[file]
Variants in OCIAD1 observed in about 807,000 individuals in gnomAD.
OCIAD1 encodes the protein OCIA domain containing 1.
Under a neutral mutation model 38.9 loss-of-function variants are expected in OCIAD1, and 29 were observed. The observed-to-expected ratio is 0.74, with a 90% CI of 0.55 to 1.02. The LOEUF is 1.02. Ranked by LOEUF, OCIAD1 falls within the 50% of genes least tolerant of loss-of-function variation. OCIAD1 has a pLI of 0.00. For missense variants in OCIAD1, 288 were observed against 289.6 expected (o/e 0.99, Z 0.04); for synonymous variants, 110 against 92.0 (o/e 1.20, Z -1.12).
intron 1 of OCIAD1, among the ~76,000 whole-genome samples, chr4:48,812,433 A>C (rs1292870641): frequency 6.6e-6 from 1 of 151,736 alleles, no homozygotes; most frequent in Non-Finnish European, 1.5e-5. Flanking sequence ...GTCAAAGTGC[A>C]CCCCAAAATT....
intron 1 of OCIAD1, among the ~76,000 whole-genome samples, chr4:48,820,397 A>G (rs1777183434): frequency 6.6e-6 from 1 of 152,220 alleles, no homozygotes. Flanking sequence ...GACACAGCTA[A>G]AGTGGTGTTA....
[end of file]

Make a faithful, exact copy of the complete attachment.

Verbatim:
Variants in OCIAD1 observed in about 807,000 individuals in gnomAD.
OCIAD1 encodes the protein OCIA domain containing 1.
Under a neutral mutation model 38.9 loss-of-function variants are expected in OCIAD1, and 29 were observed. The observed-to-expected ratio is 0.74, with a 90% CI of 0.55 to 1.02. The LOEUF is 1.02. Ranked by LOEUF, OCIAD1 falls within the 50% of genes least tolerant of loss-of-function variation. OCIAD1 has a pLI of 0.00. For missense variants in OCIAD1, 288 were observed against 289.6 expected (o/e 0.99, Z 0.04); for synonymous variants, 110 against 92.0 (o/e 1.20, Z -1.12).
intron 1 of OCIAD1, among the ~76,000 whole-genome samples, chr4:48,812,433 A>C (rs1292870641): frequency 6.6e-6 from 1 of 151,736 alleles, no homozygotes; most frequent in Non-Finnish European, 1.5e-5. Flanking sequence ...GTCAAAGTGC[A>C]CCCCAAAATT....
intron 1 of OCIAD1, among the ~76,000 whole-genome samples, chr4:48,820,397 A>G (rs1777183434): frequency 6.6e-6 from 1 of 152,220 alleles, no homozygotes. Flanking sequence ...GACACAGCTA[A>G]AGTGGTGTTA....